Texas Asks Supreme Court to Keep Abortion Ban in Place

© REUTERS / EVELYN HOCKSTEINA handmade anti-abortion sign faces a stretch of highway outside of Austin nearly a month after Texas enacted the strictest anti-abortion law in the United States, September, 29, 2021.
A handmade anti-abortion sign faces a stretch of highway outside of Austin nearly a month after Texas enacted the strictest anti-abortion law in the United States, September, 29, 2021. - Sputnik International, 1920, 22.10.2021
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The Justice Department previously suspended the controversial legislation, which was appealed by the state authorities, but eventually dismissed. It is now for the Supreme Court to decide whether it is constitutional.
Texas Attorney General Ken Paxton asked the US Supreme Court on Thursday to keep in place the state's law that bans abortion after six weeks of pregnancy, i.e. when a "heartbeat" —an embryo's cardiac activity — can be detected.
In the filing, Paxton, along with other senior state officials, argues that the Justice Department has no constitutional right to sue Texas in federal court, citing an order by a three-judge panel of the 5th US Circuit Court of Appeals that brought the ban back after a lower-court judge suspended it.
The federal government "is not adverse to Texas merely because it thinks a Texas law is unconstitutional," it reads. "The federal government cannot get an abortion, and the Constitution does not assign it any special role to protect any putative right to abortion."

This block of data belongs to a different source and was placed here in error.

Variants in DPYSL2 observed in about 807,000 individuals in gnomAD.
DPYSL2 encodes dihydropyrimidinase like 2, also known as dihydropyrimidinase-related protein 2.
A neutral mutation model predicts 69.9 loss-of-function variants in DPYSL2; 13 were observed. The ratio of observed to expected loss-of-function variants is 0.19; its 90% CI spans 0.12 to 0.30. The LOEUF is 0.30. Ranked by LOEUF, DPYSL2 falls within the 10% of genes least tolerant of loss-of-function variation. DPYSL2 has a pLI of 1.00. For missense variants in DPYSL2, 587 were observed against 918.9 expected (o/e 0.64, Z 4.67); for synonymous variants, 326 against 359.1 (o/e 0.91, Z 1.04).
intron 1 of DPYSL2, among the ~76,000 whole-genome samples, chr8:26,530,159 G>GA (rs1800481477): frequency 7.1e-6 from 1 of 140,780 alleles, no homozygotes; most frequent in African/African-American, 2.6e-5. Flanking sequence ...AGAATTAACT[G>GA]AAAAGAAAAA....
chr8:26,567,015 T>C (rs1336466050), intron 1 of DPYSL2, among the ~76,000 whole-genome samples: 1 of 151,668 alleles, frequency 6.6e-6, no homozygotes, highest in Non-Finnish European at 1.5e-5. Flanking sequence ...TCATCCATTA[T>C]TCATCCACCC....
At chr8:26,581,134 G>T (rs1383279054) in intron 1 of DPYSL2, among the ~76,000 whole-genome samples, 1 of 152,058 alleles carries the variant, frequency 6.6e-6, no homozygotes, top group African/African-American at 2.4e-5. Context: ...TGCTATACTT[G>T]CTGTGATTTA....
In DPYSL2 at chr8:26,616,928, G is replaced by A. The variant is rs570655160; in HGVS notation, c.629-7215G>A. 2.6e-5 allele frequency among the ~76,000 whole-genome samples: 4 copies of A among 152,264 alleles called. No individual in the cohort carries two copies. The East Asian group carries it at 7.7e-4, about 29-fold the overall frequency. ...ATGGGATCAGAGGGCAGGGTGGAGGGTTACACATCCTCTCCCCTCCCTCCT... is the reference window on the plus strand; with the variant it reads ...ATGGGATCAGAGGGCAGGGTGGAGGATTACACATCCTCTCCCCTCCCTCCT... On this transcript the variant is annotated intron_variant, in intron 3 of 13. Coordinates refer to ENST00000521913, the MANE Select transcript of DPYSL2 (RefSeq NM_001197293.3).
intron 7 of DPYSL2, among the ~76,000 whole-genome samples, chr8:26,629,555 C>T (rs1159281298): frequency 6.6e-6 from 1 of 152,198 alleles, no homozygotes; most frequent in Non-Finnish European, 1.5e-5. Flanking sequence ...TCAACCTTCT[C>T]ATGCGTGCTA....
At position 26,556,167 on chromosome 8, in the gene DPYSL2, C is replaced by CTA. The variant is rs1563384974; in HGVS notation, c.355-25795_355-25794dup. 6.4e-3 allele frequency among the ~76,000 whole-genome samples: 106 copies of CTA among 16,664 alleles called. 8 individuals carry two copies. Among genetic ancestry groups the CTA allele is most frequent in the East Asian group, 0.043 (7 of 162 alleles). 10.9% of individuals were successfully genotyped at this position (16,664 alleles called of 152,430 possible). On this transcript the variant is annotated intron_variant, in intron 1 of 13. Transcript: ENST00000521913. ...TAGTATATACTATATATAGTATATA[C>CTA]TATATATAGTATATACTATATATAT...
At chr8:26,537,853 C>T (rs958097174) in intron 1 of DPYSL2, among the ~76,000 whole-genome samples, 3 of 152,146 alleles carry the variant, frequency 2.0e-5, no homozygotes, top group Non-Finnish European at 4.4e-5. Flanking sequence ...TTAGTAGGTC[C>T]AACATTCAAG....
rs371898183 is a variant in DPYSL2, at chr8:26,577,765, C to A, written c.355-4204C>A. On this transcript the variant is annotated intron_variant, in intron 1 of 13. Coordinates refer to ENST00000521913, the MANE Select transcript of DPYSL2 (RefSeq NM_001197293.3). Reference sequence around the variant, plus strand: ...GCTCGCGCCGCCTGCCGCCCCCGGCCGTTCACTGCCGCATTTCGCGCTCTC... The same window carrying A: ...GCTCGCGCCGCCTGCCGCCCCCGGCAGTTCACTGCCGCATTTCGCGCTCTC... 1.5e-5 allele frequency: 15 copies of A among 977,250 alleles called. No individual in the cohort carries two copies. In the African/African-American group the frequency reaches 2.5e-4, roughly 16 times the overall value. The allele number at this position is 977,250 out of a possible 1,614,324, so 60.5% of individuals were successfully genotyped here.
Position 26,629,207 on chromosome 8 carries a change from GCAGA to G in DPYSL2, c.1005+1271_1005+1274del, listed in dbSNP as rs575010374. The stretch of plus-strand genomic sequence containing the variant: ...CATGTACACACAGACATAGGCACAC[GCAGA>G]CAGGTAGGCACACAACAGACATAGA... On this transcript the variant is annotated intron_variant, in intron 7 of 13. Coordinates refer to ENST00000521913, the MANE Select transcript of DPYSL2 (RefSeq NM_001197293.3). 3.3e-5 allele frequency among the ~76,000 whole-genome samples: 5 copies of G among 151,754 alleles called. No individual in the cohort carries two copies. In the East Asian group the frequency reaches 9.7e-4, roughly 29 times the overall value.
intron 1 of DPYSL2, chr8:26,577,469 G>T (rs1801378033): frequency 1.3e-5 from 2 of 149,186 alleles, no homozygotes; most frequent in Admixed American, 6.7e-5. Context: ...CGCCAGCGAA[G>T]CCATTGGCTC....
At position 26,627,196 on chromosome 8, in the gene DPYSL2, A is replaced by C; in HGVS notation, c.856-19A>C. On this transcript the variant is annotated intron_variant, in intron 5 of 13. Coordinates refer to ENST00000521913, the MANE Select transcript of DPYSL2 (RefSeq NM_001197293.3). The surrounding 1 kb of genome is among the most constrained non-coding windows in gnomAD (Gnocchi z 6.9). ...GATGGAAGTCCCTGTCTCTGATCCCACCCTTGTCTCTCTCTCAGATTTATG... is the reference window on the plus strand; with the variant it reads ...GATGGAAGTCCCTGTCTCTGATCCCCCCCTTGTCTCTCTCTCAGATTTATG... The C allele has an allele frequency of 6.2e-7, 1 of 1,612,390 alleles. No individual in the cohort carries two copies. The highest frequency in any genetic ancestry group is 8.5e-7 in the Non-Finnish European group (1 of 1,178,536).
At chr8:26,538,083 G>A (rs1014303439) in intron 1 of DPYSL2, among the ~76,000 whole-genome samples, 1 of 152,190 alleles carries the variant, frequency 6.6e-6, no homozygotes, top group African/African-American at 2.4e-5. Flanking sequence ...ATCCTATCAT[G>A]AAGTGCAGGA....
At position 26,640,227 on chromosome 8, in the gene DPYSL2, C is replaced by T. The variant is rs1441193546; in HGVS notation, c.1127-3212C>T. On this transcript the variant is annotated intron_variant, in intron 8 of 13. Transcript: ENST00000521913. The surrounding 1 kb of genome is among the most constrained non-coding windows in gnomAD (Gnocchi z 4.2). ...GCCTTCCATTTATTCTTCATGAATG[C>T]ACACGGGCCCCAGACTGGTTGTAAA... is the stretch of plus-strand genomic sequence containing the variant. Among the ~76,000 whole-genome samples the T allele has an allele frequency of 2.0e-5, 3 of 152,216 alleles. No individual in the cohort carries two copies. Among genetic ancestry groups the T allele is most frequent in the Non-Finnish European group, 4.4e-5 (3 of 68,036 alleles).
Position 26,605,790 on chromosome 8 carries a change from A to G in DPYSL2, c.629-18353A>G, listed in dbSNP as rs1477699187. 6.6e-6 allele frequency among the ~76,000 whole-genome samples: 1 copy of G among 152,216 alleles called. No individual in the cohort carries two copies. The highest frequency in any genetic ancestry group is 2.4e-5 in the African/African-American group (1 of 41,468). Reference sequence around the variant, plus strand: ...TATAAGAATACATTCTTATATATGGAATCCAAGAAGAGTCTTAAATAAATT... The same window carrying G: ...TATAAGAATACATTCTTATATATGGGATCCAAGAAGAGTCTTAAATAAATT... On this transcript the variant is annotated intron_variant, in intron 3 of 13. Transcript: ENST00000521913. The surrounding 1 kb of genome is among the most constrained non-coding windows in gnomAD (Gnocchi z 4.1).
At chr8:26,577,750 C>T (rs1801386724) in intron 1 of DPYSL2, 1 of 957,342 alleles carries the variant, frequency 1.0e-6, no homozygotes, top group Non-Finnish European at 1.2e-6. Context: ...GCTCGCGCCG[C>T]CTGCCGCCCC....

The court filing comes in response to the Biden administration calling on the Supreme Court to block the controversial law. Paxton earlier vowed to fight for Texas' freedom from "federal overreach."
The Authority of Law statue is pictured outside the U.S. Supreme Court building as rulings are expected to be released today in Washington, D.C., U.S. June 25, 2021 - Sputnik International, 1920, 04.10.2021
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The "heartbeat" legislation has divided Texans into those who are either "pro-life" or "pro-choice", prompting nationwide protests. On October 4 alone, 660 demonstrations were held across the United States in support of the procedure.
Pro-abortion activists say prohibiting terminations after six weeks basically amounts to a full ban on abortion, as women usually get them later than that. Reports say women have already started to cross the border into other states seeking the procedure, as abortions have decreased almost 80% in Texas since the legislation took effect in September.
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